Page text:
Newspoll breakdowns and related matters

The Australian offers geographic and demographic breakdowns of the last two Newspoll surveys, achieving reasonable samples from each subset due to the unusually large samples (around 1700) Newspoll uses during the election period. Age breakdowns offer the interesting finding that Labor has bounced back under Gillard in the 35-49 bracket, but if anything gone backwards among the young and old – or rather, remained stable on the primary vote while the Coalition has picked up a few points. The gender gap is four points on voting intention, seven on Gillard’s approval rating and ten on preferred prime minister, and appears to have widened steadily through the year on Tony Abbott’s approval.

The state breakdowns give us a useful opportunity to confirm their findings with Nielsen, the Fairfax papers having conducted a similar exercise from the three most recent polls (extending it to four for South Australia and Western Australia to boost the sample). I also offer a third measure of what the betting markets think, which involves a rough estimate of the statewide swings suggested by the odds SportingBet and SportsBet are offering on individual seats (more on this subject from occasional Poll Bludger commenter Dr Good). The table shows Labor’s two-party preferred vote:

2007 Newspoll Nielsen Bookies
NSW 53.7% 49% 51% 53%
Vic 54.3% 59% 54% 54%
Qld 50.4% 46% 47% 47%
WA 46.7% 46% 46% 46%
SA 52.4% 56% 51% 53%

Some further (alleged) intelligence courtesy of internal polling:

Phillip Coorey of the Sydney Morning Herald reports Liberal polling in NSW has them doing “well” in “about five Labor-held marginal seats”, which include Macquarie and Robertson and to a lesser extent Dobell. The other two presumably include Gilmore, with a fifth harder to identify: the pendulum suggests Bennelong, Eden-Monaro and Page, where in each case the markets favour Labor. However, they Liberals were also said to be in trouble in Hughes and Macarthur. In Queensland, Leichardt and Dawson are said to be at risk, but Labor looks set to hold Longman and Flynn.

• The West Australian reports Nationals polling has Wilson Tuckey leading them in O’Connor by just 51-49, from primary votes of 38 per cent for Tuckey, 23 per cent for Nationals candidate Tony Crook, 21 per cent for Labor and 8 per cent for the Greens, with 10 per cent undecided.

• Markus Mannheim of the Canberra Times reports Liberal polling in the ACT shows the Greens vote actually falling since the 2007 election, which if accurate would put their dream of a Senate seat well beyond reach, if the Democrats’ decision to direct preferences to the Liberals hadn’t done it already.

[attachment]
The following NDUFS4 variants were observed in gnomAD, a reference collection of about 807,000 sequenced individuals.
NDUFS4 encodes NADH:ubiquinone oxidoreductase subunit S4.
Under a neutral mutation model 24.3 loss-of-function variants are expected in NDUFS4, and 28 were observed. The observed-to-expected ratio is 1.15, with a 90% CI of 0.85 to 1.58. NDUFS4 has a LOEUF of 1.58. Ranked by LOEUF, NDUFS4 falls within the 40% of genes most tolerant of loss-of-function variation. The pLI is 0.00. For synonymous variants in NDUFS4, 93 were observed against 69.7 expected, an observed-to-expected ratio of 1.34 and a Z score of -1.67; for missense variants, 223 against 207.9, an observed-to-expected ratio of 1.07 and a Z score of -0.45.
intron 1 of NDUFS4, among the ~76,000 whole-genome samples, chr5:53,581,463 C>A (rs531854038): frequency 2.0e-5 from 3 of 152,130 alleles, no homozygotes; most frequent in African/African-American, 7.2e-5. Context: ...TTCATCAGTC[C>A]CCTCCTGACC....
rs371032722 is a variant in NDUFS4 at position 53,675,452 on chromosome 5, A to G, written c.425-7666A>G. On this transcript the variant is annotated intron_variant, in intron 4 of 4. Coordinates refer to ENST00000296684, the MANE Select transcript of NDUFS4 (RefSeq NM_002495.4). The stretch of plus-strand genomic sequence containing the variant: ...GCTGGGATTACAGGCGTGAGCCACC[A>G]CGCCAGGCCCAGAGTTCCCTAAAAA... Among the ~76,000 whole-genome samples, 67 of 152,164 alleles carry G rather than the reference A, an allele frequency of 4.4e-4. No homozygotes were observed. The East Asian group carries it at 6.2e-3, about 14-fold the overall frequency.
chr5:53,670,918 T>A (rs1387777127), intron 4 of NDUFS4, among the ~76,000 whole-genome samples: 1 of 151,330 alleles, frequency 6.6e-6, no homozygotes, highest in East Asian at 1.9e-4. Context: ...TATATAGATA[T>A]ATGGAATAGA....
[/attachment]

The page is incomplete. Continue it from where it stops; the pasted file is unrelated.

We’ve had conflicting reports in recent days on party finances and campaign spending:

Richard Gluyas of The Australian today reports the Liberals are struggling to raise funds. A media-buying source is quoted saying Labor ad spending has been especially conspicuous in the past week, with $19 million in advertising commitments for the length of the campaign splitting “55:45 in favour of Labor”.

• The Sydney Morning Herald, by contrast, reports Liberal television advertising has been 51 per cent more active than Labor’s, “as measured by audience exposure”:

Labor officials wondered aloud where a cash-strapped Liberal Party had managed to find the money, an answer which will not be disclosed officially for a year and a half. And the Liberals were struck by the fact that Labor had all but withdrawn from the advertising market in the second week of the campaign. After an active first week, Labor advertising airtime fell to zero in Melbourne, Adelaide and Perth, and near zero in Sydney, in week two. Labor continued normal campaign-level advertising only in Brisbane, presumably reflecting the high concentration of at-risk seats in Queensland. In a week in which Labor was taking a hiding in the news media and in the polls, the party decided to stop trying to reach voters with paid advertising as it husbanded its resources. “Labor have obviously come off for a reason,” Mr Durrant said. “I can’t see that it would be because they have run out of money but more likely it is a strategic decision to perhaps blitz the market in the final stretches when people are closer to making a decision, which could be quite smart given how much coverage and PR is being generated by them both.”